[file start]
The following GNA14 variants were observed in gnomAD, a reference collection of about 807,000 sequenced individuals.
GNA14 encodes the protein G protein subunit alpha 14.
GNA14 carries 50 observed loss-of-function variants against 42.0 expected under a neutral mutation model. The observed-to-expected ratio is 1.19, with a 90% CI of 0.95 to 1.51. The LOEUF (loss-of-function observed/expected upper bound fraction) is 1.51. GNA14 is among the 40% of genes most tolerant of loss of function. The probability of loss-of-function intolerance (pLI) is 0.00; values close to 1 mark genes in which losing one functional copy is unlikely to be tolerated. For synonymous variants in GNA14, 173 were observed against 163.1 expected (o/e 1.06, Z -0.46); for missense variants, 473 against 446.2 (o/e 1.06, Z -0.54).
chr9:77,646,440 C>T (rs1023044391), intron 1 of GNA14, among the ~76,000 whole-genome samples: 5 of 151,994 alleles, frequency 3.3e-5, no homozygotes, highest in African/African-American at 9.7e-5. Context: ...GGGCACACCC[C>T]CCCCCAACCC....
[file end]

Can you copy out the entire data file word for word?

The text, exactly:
The following GNA14 variants were observed in gnomAD, a reference collection of about 807,000 sequenced individuals.
GNA14 encodes the protein G protein subunit alpha 14.
GNA14 carries 50 observed loss-of-function variants against 42.0 expected under a neutral mutation model. The observed-to-expected ratio is 1.19, with a 90% CI of 0.95 to 1.51. The LOEUF (loss-of-function observed/expected upper bound fraction) is 1.51. GNA14 is among the 40% of genes most tolerant of loss of function. The probability of loss-of-function intolerance (pLI) is 0.00; values close to 1 mark genes in which losing one functional copy is unlikely to be tolerated. For synonymous variants in GNA14, 173 were observed against 163.1 expected (o/e 1.06, Z -0.46); for missense variants, 473 against 446.2 (o/e 1.06, Z -0.54).
chr9:77,646,440 C>T (rs1023044391), intron 1 of GNA14, among the ~76,000 whole-genome samples: 5 of 151,994 alleles, frequency 3.3e-5, no homozygotes, highest in African/African-American at 9.7e-5. Context: ...GGGCACACCC[C>T]CCCCCAACCC....